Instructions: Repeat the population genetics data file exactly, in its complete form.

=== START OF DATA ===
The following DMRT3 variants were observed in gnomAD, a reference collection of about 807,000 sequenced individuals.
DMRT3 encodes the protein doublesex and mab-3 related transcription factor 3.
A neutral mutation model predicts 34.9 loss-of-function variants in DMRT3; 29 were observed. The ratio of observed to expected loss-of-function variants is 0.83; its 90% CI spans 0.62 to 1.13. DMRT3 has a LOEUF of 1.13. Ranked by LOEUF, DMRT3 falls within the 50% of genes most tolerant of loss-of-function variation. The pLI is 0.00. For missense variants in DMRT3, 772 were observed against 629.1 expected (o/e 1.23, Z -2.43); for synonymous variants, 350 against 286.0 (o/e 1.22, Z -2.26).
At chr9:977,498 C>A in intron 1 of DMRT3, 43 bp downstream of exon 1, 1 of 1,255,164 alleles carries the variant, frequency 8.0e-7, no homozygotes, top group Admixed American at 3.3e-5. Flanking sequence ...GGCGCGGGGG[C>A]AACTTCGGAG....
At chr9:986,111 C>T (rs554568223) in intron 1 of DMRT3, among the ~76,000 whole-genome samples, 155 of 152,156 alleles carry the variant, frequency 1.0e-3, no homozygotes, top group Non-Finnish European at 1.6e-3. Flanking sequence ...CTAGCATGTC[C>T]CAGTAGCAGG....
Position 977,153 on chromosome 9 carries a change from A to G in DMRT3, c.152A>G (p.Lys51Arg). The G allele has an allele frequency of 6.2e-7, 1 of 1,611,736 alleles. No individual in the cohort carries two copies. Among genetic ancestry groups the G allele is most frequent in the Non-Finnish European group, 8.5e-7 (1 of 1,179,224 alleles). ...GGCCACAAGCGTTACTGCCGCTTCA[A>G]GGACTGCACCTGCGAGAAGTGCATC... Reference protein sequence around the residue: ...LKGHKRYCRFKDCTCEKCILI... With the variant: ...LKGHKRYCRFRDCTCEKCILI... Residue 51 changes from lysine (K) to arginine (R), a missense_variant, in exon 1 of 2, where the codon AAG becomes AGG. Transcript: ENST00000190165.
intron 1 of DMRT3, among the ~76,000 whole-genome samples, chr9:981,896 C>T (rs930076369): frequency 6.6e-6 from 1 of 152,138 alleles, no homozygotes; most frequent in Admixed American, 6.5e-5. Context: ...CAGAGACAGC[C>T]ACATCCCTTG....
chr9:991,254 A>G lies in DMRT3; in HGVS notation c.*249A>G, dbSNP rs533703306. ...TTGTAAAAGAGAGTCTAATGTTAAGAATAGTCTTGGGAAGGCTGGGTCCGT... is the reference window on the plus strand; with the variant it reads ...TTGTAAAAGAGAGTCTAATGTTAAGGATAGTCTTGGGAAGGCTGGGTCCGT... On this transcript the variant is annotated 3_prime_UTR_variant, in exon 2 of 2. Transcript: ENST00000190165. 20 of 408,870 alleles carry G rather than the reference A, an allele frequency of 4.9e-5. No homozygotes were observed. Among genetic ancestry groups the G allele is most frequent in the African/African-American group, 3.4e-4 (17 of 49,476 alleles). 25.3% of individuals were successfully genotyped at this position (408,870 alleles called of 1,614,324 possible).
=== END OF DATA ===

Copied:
The following DMRT3 variants were observed in gnomAD, a reference collection of about 807,000 sequenced individuals.
DMRT3 encodes the protein doublesex and mab-3 related transcription factor 3.
A neutral mutation model predicts 34.9 loss-of-function variants in DMRT3; 29 were observed. The ratio of observed to expected loss-of-function variants is 0.83; its 90% CI spans 0.62 to 1.13. DMRT3 has a LOEUF of 1.13. Ranked by LOEUF, DMRT3 falls within the 50% of genes most tolerant of loss-of-function variation. The pLI is 0.00. For missense variants in DMRT3, 772 were observed against 629.1 expected (o/e 1.23, Z -2.43); for synonymous variants, 350 against 286.0 (o/e 1.22, Z -2.26).
At chr9:977,498 C>A in intron 1 of DMRT3, 43 bp downstream of exon 1, 1 of 1,255,164 alleles carries the variant, frequency 8.0e-7, no homozygotes, top group Admixed American at 3.3e-5. Flanking sequence ...GGCGCGGGGG[C>A]AACTTCGGAG....
At chr9:986,111 C>T (rs554568223) in intron 1 of DMRT3, among the ~76,000 whole-genome samples, 155 of 152,156 alleles carry the variant, frequency 1.0e-3, no homozygotes, top group Non-Finnish European at 1.6e-3. Flanking sequence ...CTAGCATGTC[C>T]CAGTAGCAGG....
Position 977,153 on chromosome 9 carries a change from A to G in DMRT3, c.152A>G (p.Lys51Arg). The G allele has an allele frequency of 6.2e-7, 1 of 1,611,736 alleles. No individual in the cohort carries two copies. Among genetic ancestry groups the G allele is most frequent in the Non-Finnish European group, 8.5e-7 (1 of 1,179,224 alleles). ...GGCCACAAGCGTTACTGCCGCTTCA[A>G]GGACTGCACCTGCGAGAAGTGCATC... Reference protein sequence around the residue: ...LKGHKRYCRFKDCTCEKCILI... With the variant: ...LKGHKRYCRFRDCTCEKCILI... Residue 51 changes from lysine (K) to arginine (R), a missense_variant, in exon 1 of 2, where the codon AAG becomes AGG. Transcript: ENST00000190165.
intron 1 of DMRT3, among the ~76,000 whole-genome samples, chr9:981,896 C>T (rs930076369): frequency 6.6e-6 from 1 of 152,138 alleles, no homozygotes; most frequent in Admixed American, 6.5e-5. Context: ...CAGAGACAGC[C>T]ACATCCCTTG....
chr9:991,254 A>G lies in DMRT3; in HGVS notation c.*249A>G, dbSNP rs533703306. ...TTGTAAAAGAGAGTCTAATGTTAAGAATAGTCTTGGGAAGGCTGGGTCCGT... is the reference window on the plus strand; with the variant it reads ...TTGTAAAAGAGAGTCTAATGTTAAGGATAGTCTTGGGAAGGCTGGGTCCGT... On this transcript the variant is annotated 3_prime_UTR_variant, in exon 2 of 2. Transcript: ENST00000190165. 20 of 408,870 alleles carry G rather than the reference A, an allele frequency of 4.9e-5. No homozygotes were observed. Among genetic ancestry groups the G allele is most frequent in the African/African-American group, 3.4e-4 (17 of 49,476 alleles). 25.3% of individuals were successfully genotyped at this position (408,870 alleles called of 1,614,324 possible).